Erosion: Wind, Water, and Weather

rough seas crash into dark cliffs in the rain
Winter can bring big storms and heavy seas to Maine. Please obey all posted signs and closures and always stay away from strong surf.  NPSPhoto.
The forces of erosion continuously shape the Acadia environment. Seemingly soft forces such as wind and water shape rocks and ecosystems over time. Strong storms and crashing waves have shaped Acadia's coastal environment since the beginning of time.



Hurricanes get a lot of attention, but there’s another kind of storm that is more common and damaging for Acadia: Nor’easters.

Like a hurricane,Nor’esters occur in the North Atlantic Ocean, are characterized by strong winds and large waves, are typically accompanied by heavy precipitation, and can cause substantial coastal erosion. Clmate change is driving Nor'easters to be more frequent and more damaging.

While we don’t know if this trend will continue, we do know that storms will have a more severe impact because the sea is rising. (As evidence for higher seas, normal high tides are causing flooding more often. In 2019, this “sunny day” flooding occurred six days in Acadia, the January and March 2018 nor’easters set records for the highest and third-highest tides in history, respectively. Higher water levels means storm waves and flooding also reach farther inland. Waves and storm surge collide with the shoreline, wash over dunes and beaches, and flood low-lying areas. Nor’easters cause erosion of beaches and dunes, and damage visitor infrastructure such as roads, trails, and docks. Though usually weaker than hurricanes, Nor’easters cause more coastal erosion because they occur more often and, because of their slow movement, can affect the coast for days rather than hours, encompassing multiple high tides. They can bring significant rain and/or snow and ice, and cold temperatures that can complicate clean-up and rescue efforts.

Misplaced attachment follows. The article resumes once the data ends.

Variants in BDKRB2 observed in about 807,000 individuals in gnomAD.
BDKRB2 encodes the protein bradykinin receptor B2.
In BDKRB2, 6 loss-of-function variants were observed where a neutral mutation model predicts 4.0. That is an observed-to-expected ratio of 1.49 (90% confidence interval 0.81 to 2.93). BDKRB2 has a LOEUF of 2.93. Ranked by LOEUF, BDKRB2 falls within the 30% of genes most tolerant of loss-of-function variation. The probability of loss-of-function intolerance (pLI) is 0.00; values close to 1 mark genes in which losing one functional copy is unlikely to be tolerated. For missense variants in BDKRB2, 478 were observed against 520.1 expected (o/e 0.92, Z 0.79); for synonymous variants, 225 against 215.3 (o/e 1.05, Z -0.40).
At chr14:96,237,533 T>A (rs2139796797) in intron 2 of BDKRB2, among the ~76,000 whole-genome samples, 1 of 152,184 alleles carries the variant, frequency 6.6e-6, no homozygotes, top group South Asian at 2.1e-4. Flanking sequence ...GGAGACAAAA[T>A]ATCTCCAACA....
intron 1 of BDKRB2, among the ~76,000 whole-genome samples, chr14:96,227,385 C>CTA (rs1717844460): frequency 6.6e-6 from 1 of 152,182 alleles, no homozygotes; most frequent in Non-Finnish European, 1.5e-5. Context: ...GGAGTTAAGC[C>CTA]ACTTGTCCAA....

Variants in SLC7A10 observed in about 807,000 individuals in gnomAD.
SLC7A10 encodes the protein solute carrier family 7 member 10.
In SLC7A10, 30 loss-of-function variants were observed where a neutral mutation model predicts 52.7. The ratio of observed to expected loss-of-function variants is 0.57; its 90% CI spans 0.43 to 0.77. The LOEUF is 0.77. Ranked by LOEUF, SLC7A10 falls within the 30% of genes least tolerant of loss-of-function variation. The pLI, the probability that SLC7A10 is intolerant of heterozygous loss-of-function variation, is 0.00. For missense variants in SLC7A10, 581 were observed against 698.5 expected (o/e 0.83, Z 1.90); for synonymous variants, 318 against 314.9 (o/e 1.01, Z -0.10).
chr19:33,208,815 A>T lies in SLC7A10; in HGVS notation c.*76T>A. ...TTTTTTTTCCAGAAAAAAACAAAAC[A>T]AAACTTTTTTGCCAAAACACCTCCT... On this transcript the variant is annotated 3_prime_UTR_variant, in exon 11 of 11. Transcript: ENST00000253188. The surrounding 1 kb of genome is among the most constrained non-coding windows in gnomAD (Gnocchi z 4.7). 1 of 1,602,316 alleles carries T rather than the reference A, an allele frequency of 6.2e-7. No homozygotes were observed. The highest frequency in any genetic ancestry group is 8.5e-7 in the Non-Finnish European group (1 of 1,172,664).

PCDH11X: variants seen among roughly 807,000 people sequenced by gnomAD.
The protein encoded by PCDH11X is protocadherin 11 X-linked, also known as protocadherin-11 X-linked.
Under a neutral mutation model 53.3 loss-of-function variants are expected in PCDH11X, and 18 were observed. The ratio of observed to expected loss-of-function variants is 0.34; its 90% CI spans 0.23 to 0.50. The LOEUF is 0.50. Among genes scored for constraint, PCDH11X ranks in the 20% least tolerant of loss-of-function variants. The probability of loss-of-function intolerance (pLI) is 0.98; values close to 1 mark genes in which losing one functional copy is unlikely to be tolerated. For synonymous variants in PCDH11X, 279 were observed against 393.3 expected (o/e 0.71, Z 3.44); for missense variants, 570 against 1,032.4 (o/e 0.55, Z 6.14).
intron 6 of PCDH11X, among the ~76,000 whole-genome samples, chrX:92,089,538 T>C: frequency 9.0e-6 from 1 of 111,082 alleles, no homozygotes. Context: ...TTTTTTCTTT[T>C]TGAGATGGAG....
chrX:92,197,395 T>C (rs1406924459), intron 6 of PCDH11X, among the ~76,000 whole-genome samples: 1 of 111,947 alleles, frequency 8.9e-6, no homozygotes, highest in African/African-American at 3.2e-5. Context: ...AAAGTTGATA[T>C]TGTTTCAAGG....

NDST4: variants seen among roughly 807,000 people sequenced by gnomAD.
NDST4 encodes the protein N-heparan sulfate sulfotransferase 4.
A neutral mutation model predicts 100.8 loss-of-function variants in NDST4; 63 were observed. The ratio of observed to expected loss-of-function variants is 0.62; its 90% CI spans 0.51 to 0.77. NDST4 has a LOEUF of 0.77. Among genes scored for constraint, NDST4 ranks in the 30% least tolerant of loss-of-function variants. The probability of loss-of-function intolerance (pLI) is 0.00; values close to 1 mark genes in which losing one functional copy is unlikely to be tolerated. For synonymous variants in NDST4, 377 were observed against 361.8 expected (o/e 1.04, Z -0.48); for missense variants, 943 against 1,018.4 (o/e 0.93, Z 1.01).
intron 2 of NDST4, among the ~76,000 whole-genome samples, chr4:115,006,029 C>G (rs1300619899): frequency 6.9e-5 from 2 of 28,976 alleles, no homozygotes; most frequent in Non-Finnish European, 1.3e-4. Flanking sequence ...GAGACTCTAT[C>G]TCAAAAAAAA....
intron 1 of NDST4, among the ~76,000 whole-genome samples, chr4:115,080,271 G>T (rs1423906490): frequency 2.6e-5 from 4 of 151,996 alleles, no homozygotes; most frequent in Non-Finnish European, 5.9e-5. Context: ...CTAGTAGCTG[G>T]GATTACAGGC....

Despite the damage they cause, Nor’easters are not well studied. Different storms means we need different models, computer simulations of ocean-atmosphere-land interactions, to understand and anticipate impacts from future storms. Acadia National Park, Cape Cod National Seashore, and Boston Harbor Islands National Recreation Area are working together on a joint research project.


Snow & Ice

Ice has been shaping the Acadian landscape since the beginning of time. The glaciers that once covered Acadia eroded the mountains and cut broad U-shaped valleys. Materials carried at the base of the ice polished the mountains and left long scratches (striations) and crescent-shaped gouges (crescentic gouges) in many places along with other geologic features.

Today, snow and ice often gouge rocks and mountains sides on an annual basis. Though the vast movement of ice sheets are gone, daily fluctuations in melitng ice and snow drives apart cracks in Acadia's mountains.


In an eternal rhythm, waves pound Acadia's shoreline. The force of the waves erodes the granite and basaltic rock of Acadia's rocky coast breaking the vast amounts of rock down into smaller and smoother pieces.

More About Wind, Water and Weather at Acadia

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    Last updated: September 21, 2022

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